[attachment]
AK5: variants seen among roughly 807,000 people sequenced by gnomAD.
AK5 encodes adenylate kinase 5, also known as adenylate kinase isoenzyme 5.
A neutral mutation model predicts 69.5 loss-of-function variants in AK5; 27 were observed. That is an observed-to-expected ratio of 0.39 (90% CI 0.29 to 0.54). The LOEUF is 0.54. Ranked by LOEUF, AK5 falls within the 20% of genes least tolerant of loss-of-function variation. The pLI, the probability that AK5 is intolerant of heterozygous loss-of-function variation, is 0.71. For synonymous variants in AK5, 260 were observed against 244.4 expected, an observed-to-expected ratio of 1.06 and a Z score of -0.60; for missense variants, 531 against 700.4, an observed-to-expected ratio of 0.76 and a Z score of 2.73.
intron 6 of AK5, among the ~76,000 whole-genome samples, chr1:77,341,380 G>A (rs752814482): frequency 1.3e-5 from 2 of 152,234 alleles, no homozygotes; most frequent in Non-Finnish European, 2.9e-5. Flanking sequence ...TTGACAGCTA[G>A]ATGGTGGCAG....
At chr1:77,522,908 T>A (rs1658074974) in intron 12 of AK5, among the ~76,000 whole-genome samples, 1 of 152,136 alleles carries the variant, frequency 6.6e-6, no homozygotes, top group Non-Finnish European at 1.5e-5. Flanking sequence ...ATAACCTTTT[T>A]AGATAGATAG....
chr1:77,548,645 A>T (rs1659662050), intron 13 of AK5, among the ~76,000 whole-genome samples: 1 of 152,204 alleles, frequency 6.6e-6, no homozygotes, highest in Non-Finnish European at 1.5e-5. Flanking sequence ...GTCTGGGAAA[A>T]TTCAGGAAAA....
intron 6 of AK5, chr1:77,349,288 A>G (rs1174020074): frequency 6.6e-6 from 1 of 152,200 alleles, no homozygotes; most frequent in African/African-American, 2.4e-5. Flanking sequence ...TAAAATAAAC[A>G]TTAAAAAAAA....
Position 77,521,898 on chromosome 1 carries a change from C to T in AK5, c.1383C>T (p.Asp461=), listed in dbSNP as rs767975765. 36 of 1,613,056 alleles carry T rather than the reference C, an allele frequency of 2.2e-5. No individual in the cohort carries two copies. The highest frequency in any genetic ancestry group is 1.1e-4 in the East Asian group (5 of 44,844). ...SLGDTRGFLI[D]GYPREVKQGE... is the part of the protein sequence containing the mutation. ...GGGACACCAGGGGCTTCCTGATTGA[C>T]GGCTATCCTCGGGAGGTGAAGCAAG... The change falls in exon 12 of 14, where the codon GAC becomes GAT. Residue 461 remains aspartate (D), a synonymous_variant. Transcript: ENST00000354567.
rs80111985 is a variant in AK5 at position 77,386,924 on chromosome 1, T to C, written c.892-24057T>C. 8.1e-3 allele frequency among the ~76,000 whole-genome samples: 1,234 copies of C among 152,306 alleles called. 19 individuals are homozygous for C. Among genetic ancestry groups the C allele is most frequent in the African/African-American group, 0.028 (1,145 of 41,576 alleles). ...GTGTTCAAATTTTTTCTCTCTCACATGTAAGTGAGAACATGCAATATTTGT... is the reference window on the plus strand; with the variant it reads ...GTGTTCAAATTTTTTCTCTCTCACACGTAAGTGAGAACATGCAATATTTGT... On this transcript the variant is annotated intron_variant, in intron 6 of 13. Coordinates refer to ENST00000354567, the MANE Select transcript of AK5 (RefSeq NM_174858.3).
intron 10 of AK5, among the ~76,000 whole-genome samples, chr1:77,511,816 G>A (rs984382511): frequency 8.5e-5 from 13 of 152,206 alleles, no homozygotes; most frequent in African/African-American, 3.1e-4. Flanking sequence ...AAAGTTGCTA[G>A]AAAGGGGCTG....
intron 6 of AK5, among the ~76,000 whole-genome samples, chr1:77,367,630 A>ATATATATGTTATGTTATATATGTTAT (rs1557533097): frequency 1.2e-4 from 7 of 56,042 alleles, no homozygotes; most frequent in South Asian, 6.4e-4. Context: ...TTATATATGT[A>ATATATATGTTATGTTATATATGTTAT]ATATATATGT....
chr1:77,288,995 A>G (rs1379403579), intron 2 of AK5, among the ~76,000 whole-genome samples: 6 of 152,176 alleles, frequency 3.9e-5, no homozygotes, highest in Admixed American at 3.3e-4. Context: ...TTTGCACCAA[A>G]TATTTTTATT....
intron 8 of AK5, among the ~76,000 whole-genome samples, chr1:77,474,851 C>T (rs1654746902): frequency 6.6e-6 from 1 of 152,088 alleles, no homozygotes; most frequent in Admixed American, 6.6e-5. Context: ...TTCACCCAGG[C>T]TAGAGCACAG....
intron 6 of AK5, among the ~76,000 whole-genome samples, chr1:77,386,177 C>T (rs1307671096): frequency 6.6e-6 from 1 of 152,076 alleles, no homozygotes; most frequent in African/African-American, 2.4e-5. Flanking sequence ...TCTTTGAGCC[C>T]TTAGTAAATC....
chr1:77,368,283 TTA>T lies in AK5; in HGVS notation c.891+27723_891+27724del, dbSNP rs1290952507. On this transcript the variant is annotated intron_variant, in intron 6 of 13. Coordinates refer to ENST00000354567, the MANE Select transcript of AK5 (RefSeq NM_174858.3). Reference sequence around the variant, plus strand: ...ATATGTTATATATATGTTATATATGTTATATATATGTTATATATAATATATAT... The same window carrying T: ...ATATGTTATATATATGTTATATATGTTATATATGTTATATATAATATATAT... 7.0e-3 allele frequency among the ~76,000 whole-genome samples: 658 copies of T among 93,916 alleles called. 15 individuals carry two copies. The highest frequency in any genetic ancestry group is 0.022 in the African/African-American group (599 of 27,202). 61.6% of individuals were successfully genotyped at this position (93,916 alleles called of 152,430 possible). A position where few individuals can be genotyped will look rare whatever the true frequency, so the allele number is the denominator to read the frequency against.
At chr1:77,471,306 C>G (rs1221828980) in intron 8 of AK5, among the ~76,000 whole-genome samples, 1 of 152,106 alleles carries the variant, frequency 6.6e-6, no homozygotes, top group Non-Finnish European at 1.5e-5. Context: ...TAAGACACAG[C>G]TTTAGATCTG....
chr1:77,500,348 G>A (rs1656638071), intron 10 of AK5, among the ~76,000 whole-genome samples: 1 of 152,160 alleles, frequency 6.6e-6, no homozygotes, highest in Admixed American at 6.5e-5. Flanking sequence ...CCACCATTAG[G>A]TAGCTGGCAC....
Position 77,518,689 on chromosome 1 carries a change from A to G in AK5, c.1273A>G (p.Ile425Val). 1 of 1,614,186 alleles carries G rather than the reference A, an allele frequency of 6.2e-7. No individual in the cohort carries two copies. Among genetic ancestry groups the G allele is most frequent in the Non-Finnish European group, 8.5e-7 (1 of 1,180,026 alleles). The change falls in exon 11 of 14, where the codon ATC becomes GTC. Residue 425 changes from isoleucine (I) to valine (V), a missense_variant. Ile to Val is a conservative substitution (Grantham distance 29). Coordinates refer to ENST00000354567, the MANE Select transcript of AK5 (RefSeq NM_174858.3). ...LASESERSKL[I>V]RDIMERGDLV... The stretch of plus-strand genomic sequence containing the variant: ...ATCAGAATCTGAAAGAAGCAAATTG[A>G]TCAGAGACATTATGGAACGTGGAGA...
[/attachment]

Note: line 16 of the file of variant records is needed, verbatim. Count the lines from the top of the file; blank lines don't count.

At chr1:77,471,306 C>G (rs1221828980) in intron 8 of AK5, among the ~76,000 whole-genome samples, 1 of 152,106 alleles carries the variant, frequency 6.6e-6, no homozygotes, top group Non-Finnish European at 1.5e-5. Context: ...TAAGACACAG[C>G]TTTAGATCTG....